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Four-Leaved Milkweed Asclepias quadrifolia

Other Common Name(s):

Previously known as:

  • Asclepias vanilla
Phonetic Spelling
as-KLEE-pee-as kwad-ree-FOH-lee-uh
This plant has medium severity poison characteristics.
See below
Description

The common name Whorled Milkweed is derived from the whorls of 4 leaves appearing at the middle of the stem.  Four-leaved milkweed also refers to the same leaves but, in addition, the thick, milky substance or juice that oozes from the stems and leaves when broken.   

An erect, perennial herbs with milky juice and umbrella-like clusters of pink, lavender, or white flowers with pale pink corolla lobes and white hoods.  The 5-parted fruit is dry and inflated, erect, and with many hair-tufted seeds.

Milkweed is perhaps best known as the host plant for the Monarch butterfly.  The Monarch begins its northward flight in early spring from its winter nesting sites in Mexico and also southern California.  As they trek north, they will seek out milkweed on which to lay their eggs.  Once the tiny eggs hatch into tiny caterpillars, they will begin to eat the foliage of the plant in order to grow and develop.  Within several days, the once tiny caterpillars will have matured and grown up to 1.5" long and will begin their transformation.  They will seek a protected location, hanging in the form of the letter 'J'.  It is not easily apparent, but while hanging they are forming a web-like structure from which they are hanging.  The caterpillar will then begin to transform into a chrysalis, a clear casing that surrounds the caterpillar.  Metamorphosis takes place, and an adult butterfly will emerge from the chrysalis.  After its wings unfold and dry, the now beautiful Monarch will continue the journey northward until summer's end, at which time the southbound journey will begin.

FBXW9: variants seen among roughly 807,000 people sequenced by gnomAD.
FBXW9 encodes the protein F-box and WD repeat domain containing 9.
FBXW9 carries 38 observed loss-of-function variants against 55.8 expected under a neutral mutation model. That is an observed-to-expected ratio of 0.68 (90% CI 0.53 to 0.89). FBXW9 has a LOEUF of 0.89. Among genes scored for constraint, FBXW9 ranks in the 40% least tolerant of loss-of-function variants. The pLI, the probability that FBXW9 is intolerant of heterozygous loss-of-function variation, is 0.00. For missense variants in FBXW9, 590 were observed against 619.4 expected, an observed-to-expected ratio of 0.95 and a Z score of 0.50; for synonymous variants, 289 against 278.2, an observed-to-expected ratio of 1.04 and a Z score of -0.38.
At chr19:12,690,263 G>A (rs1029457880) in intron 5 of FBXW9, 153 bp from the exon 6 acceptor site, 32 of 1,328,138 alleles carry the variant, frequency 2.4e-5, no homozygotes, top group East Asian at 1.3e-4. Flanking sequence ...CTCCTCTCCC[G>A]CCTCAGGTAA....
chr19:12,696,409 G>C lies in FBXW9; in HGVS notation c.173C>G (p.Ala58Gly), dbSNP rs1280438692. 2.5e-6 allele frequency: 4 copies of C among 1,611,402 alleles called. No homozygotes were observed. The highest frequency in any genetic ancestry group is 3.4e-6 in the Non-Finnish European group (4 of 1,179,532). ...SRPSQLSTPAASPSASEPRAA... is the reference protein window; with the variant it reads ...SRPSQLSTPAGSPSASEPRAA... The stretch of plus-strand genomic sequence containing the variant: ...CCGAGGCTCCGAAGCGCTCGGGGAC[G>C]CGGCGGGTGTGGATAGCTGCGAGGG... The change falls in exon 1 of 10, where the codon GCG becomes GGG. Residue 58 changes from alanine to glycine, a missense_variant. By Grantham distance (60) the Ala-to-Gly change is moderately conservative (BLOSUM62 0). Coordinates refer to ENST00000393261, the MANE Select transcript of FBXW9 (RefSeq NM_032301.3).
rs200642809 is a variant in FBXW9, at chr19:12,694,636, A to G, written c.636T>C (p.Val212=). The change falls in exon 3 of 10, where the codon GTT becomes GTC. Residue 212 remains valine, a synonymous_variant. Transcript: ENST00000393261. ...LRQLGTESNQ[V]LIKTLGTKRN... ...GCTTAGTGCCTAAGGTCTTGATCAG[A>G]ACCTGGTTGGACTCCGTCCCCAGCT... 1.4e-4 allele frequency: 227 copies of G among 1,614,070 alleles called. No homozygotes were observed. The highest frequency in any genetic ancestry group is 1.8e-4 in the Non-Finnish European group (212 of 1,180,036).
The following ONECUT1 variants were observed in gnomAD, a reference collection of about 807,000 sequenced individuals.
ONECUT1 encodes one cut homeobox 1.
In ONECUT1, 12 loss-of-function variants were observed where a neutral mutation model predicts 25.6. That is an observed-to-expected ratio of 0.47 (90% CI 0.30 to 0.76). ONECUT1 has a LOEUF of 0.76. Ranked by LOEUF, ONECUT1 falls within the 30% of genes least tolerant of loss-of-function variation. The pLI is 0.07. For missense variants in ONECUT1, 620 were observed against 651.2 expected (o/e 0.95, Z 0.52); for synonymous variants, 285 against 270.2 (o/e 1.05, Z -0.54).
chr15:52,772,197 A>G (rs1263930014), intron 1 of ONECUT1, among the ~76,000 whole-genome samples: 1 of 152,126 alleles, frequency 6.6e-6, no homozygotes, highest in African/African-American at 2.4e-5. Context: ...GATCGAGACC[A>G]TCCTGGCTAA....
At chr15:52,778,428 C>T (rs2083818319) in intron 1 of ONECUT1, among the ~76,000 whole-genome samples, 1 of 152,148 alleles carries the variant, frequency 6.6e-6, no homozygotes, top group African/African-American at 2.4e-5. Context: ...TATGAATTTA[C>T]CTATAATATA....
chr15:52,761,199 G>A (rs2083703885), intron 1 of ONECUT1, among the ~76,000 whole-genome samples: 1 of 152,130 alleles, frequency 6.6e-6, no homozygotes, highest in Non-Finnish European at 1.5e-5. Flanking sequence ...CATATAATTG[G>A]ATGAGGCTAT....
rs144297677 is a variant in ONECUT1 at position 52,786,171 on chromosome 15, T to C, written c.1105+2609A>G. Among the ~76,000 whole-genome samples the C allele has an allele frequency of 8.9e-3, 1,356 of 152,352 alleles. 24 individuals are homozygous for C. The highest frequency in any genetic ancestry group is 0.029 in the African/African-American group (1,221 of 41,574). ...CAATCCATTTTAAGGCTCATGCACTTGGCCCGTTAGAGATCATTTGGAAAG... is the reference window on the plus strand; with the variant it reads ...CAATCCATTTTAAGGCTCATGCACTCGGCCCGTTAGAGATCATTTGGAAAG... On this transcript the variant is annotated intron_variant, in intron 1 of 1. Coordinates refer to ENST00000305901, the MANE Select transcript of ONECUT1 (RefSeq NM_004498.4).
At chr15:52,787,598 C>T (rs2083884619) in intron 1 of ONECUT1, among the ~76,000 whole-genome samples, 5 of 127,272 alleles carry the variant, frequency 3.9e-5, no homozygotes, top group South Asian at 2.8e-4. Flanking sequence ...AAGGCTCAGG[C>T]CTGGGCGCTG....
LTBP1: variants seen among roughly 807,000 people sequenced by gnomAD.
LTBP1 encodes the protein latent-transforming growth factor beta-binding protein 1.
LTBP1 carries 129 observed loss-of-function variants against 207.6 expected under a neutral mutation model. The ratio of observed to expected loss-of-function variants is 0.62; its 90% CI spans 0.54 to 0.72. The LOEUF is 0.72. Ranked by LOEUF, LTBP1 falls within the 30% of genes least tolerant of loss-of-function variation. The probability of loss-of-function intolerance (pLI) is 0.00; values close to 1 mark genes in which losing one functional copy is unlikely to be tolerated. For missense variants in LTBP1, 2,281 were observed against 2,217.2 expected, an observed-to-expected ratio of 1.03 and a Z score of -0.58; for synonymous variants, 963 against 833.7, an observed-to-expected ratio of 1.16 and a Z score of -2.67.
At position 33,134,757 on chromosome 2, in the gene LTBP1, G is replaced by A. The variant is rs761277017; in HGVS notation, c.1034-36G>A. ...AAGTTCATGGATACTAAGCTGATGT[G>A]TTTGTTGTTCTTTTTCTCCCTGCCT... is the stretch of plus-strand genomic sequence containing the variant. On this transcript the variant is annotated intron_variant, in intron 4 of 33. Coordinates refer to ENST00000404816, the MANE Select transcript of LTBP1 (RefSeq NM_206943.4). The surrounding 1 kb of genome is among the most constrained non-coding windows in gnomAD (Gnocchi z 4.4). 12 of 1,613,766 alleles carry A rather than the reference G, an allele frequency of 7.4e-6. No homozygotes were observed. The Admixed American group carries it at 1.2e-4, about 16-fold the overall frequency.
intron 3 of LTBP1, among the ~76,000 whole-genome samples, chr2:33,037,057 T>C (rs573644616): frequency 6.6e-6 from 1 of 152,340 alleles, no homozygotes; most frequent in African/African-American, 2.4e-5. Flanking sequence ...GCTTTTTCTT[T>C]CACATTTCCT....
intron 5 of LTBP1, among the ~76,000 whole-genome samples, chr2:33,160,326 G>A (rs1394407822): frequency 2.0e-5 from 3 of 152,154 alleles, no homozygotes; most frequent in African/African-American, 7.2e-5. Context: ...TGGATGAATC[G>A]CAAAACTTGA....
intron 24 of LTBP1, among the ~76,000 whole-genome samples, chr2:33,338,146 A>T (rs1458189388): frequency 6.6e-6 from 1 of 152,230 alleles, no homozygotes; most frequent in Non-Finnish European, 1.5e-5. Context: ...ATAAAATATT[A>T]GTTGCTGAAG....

Fibers from this plant were used by the Cherokee nation to create bowstrings.  

Site: Edge of woods, roadsides, prairies, meadows.

Found in: Weedy in disturbed areas, native or naturalized in waste places, roadsides, fields; landscape in flower gardens as herbaceous perennials.

Insects, Diseases, and Other Plant Problems:  Aphids frequent this plant.

See this plant in the following landscape:
Cultivars / Varieties:
Tags: